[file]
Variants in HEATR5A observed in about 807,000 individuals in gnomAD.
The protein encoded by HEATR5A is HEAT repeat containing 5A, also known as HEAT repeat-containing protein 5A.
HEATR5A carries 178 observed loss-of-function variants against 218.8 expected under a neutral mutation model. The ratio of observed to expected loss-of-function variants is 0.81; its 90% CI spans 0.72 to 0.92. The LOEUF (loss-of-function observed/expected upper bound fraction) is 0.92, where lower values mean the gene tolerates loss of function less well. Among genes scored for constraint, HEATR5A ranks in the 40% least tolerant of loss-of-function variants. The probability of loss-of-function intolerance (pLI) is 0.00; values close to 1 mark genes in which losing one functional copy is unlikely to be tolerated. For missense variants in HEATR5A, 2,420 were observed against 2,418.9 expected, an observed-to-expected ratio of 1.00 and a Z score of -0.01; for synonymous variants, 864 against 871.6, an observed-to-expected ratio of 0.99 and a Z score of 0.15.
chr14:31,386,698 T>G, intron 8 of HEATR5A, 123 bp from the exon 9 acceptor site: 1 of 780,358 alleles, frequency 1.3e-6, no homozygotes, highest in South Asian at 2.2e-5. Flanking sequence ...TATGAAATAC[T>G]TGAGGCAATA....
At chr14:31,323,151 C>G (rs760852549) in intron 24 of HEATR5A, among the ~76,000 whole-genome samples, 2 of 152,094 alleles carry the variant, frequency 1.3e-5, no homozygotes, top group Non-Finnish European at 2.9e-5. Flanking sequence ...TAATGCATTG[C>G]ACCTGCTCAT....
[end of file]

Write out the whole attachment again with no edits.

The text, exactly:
Variants in HEATR5A observed in about 807,000 individuals in gnomAD.
The protein encoded by HEATR5A is HEAT repeat containing 5A, also known as HEAT repeat-containing protein 5A.
HEATR5A carries 178 observed loss-of-function variants against 218.8 expected under a neutral mutation model. The ratio of observed to expected loss-of-function variants is 0.81; its 90% CI spans 0.72 to 0.92. The LOEUF (loss-of-function observed/expected upper bound fraction) is 0.92, where lower values mean the gene tolerates loss of function less well. Among genes scored for constraint, HEATR5A ranks in the 40% least tolerant of loss-of-function variants. The probability of loss-of-function intolerance (pLI) is 0.00; values close to 1 mark genes in which losing one functional copy is unlikely to be tolerated. For missense variants in HEATR5A, 2,420 were observed against 2,418.9 expected, an observed-to-expected ratio of 1.00 and a Z score of -0.01; for synonymous variants, 864 against 871.6, an observed-to-expected ratio of 0.99 and a Z score of 0.15.
chr14:31,386,698 T>G, intron 8 of HEATR5A, 123 bp from the exon 9 acceptor site: 1 of 780,358 alleles, frequency 1.3e-6, no homozygotes, highest in South Asian at 2.2e-5. Flanking sequence ...TATGAAATAC[T>G]TGAGGCAATA....
At chr14:31,323,151 C>G (rs760852549) in intron 24 of HEATR5A, among the ~76,000 whole-genome samples, 2 of 152,094 alleles carry the variant, frequency 1.3e-5, no homozygotes, top group Non-Finnish European at 2.9e-5. Flanking sequence ...TAATGCATTG[C>G]ACCTGCTCAT....